This is the north edge of North Laine, so in theory you can walk down this road and take any right turn you like, but the busiest three streets start 4 roads down, with Kensington Place, Tidy Street and Sydney Street, in that order. We'd suggest that you take a right down Sydney Street as it comes up and look down the street at all of the exciting shopping opportunities. Highlights on this street include Cyberdog and Dave's Comics if you're into punk clothes or comic books and board games. The Office is a great gin bar, with some very drinkable, very potent gins on the menu.
 
Walk to the end of this street and turn right, onto the mosaic of a man and some seagulls on the floor (we have a love-hate relationship with those birds - they always find a way to get into your bins), then turn left at the first street, which is fully pedestrianised. You have to visit Snoopers Paradise - it's been in Brighton forever and sells a huge range of bizarre and wonderful objects.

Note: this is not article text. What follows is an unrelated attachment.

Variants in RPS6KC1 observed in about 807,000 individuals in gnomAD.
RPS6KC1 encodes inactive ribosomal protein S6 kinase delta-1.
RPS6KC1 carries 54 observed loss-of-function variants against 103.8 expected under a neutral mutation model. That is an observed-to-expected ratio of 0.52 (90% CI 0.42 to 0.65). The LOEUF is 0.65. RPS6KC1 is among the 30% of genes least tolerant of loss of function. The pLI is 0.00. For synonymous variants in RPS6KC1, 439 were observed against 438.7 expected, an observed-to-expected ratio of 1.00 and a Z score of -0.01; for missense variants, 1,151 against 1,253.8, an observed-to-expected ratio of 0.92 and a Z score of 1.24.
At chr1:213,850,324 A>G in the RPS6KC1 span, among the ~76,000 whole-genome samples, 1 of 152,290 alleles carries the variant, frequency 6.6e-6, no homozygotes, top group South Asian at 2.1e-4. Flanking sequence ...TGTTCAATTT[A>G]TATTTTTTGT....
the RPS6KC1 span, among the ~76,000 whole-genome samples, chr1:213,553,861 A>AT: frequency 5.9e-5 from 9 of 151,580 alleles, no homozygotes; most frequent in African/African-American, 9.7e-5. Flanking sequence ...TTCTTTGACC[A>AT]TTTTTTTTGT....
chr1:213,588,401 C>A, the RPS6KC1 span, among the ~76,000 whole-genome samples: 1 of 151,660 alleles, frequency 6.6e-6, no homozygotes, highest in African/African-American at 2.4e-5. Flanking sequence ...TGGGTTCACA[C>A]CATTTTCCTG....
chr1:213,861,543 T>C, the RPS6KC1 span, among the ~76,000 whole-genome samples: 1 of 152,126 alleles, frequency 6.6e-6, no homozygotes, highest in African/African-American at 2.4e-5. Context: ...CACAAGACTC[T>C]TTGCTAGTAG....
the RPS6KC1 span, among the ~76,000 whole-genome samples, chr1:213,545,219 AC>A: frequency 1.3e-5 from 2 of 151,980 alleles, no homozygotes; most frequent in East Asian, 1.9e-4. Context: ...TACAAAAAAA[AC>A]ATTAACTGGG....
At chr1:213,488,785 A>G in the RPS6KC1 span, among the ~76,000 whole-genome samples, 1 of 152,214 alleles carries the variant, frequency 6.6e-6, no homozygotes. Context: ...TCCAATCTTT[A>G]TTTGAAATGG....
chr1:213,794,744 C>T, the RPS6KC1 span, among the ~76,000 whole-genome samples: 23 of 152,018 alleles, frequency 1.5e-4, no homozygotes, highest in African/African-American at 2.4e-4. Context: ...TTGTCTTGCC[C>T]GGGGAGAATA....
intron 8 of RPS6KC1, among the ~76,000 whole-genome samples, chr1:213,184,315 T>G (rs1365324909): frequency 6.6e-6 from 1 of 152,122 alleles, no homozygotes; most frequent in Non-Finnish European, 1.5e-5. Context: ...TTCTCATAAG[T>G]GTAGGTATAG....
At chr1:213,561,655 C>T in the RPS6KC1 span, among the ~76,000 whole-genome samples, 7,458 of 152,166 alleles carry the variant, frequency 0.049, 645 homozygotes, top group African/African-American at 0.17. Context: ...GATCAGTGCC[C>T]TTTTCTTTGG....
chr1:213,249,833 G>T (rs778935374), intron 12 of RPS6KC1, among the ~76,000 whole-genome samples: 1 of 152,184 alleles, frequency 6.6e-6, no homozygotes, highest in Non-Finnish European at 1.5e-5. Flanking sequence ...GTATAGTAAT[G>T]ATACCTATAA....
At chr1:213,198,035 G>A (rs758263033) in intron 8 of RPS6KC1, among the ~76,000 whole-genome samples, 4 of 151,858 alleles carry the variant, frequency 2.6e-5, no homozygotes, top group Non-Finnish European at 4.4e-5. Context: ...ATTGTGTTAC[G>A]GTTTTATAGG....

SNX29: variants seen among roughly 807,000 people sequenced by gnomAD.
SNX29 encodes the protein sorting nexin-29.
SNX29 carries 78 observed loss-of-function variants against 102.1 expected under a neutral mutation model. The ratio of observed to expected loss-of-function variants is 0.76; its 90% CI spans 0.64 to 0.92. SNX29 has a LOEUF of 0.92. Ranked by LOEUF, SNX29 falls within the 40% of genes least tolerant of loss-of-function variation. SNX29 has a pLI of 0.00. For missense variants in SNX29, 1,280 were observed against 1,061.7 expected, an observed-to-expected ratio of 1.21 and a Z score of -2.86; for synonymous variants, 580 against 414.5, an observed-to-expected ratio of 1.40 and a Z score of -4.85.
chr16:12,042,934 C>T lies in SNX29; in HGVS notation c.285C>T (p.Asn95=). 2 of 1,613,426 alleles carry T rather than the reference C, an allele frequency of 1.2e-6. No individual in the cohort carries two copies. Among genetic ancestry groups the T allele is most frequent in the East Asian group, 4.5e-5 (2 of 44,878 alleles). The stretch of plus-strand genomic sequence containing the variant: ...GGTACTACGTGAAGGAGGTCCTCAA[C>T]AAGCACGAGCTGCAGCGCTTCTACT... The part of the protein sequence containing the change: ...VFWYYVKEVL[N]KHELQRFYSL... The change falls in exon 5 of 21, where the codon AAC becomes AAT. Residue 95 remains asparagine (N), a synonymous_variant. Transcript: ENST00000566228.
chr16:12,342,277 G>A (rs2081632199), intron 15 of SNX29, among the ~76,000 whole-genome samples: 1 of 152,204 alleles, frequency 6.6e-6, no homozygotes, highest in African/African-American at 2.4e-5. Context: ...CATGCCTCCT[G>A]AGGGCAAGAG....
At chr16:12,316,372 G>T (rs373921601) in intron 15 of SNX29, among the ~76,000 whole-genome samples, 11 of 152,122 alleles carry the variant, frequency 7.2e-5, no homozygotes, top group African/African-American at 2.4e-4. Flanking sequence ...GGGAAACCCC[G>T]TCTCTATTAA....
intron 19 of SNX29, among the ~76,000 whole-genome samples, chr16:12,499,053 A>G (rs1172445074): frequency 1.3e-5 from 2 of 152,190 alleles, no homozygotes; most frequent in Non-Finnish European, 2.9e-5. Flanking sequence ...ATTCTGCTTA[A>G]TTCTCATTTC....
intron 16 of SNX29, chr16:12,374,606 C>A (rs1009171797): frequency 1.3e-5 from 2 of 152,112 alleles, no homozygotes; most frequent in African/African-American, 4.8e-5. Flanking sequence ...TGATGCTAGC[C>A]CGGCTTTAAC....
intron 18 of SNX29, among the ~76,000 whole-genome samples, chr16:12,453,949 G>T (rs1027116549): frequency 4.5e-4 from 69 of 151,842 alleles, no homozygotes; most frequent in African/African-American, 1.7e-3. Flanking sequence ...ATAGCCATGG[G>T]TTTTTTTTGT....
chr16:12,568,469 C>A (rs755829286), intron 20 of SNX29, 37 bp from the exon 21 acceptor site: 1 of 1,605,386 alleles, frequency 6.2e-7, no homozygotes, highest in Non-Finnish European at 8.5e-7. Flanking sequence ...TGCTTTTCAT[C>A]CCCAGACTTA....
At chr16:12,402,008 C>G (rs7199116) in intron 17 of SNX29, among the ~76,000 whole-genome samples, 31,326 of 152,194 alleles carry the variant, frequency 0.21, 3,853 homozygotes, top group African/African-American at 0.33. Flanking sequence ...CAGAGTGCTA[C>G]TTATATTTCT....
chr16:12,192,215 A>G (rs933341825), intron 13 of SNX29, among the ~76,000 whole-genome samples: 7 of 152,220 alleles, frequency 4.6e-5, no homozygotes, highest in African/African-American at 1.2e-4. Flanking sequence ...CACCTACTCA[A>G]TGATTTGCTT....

Following the road along, turn right at the end and again, take the first left to find more shops and the Komedia comedy club and cinema. You can follow this road and the next into town from here - after you're done shopping!
The seafront doesn't require much directing, since it is a straight road that stretches many kilometers along the shore, so we'll just point out things that are worth seeing and doing here.
 
If you position yourself at the pier, facing out to sea, and take a stroll to the right, you'll first spot trampolines, then the Brighton donut, which is next to a bar in a brilliant location to watch the sea. Further along you've got an old-time arcade and carousel, followed by Coalition, which is one of many late night seafront clubs along the coast.
 
On the other side of the Pier (your left if you're facing the Pier), you've got  the Sea Life centre, which is hard to miss, plus two crazy golf courses (one of which is right near the pier). In summer you might catch the Brighton Big Screen, which shows films and shows throughout the summer (check it out on our annual events page if you're interested).
 
As you keep walking along, you'll pass the new i360 tower if you fancy a sky-high view, along with places for volleyball, basketball, paddling and, eventually, you'll reach Hove Lawns, followed by many many beach huts - it's a wonderful and easy walk on a nice day and the lawns are a great place to set up a picnic if you find pebbles a bit uncomfortable!